Can someone explain to me why a Star-Ship Troopers world would be a bad thing? Everyone is equal if you do your duty, you get your special benefits if you work and serve, only the strongest and smartest move on and up.
No race bullshit
Why is this a bad thing?
They live a life of conditioned responses just like the insects they are fighting. There's no allowance for independent will or individual liberty. It isn't the worst conceivable way of life, but it lacks the freedom that has been the ideal for the last few hundred years.
>Heinlein writes an incredible book
>Commie Dutch cuck tries to make a movie mocking everything the book stands for, painting that society as warlike and Nazi-like
>People are still fascinated by it and don't see it as a mockery, since Heinlein's ideas are so fucking based
It's like poetry.
Limited suffrage is the way to go.
Voting is a privilege to be earned, not a right to be squandered.
When I first watched the movie in the theatre, I was 10 years old or so. And I did not see anything bad about it. I thought it was perfectly rational to have only veterans vote in elections and be citizens.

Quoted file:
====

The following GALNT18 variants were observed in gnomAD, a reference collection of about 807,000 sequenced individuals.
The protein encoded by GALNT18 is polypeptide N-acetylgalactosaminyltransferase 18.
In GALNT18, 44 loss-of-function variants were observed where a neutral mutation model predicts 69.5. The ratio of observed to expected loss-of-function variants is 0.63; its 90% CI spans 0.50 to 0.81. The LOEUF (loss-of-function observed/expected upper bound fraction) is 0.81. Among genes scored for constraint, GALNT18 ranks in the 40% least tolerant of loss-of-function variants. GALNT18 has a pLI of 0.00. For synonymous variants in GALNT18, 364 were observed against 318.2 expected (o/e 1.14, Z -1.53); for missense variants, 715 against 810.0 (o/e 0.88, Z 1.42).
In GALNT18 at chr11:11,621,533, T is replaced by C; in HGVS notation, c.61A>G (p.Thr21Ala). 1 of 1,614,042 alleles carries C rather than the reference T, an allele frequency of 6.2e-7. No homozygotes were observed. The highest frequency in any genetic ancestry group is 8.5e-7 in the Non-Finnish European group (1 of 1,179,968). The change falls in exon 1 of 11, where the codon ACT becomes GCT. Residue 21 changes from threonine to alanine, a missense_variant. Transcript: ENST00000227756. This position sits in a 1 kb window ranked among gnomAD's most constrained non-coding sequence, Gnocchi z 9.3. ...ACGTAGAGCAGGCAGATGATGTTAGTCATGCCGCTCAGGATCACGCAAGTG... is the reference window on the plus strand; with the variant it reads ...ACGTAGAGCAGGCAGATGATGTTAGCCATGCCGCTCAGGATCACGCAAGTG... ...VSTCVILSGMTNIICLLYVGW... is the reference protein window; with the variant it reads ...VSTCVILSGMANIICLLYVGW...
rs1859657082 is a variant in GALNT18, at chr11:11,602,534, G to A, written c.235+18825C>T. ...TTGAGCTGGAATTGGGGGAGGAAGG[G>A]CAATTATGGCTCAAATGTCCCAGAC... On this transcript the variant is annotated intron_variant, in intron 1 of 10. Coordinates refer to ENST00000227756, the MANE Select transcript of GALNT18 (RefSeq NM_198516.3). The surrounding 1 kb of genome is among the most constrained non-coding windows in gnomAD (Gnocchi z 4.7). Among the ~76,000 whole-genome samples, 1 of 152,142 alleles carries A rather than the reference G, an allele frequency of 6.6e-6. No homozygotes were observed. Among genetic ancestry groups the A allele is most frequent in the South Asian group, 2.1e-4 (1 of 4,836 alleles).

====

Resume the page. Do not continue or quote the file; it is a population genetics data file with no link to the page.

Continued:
It was only later that liberal indoctrination made me rethink my position and now I believe that every alcoholic Muslim rapist and bleeding hard liberal green party anti-militarist rapefugee supporter needs to have the vote.
Well in the film they still use retarded strategy and tactics, but its a film - what do you expect.
I wouldn't mind Michael Ironside stumping people and calling women cucks for wanting to vote but not do military service.
How are they right?
The West had limited suffrage throughout the 19th century and beyond and it has worked just fine. It doesn't lead to a loss of freedom.
Universal suffrage on the other hand is a modern experiment (for instance, implemented in the USA from 1965 onwards) and I would argue it has already failed in Africa (see Rhodesia and South Africa) and it will eventually fail in the West too.
People shouldn't get to vote if they don't have a stake in the country. There are rights to living in a society but also duties.
Giving the vote to every selfish, spoiled welfare leech only results in the treasury getting looted for gibmedats.
It was a good movie. The book was okay but the technical details made it a bit boring.
Saw it at a young age and really liked it. Was too stupid to realize until later that it was a bunch of people in their 30s playing teens, so I was all "man wtf why am I not as cool and confident as these guys?" in high school.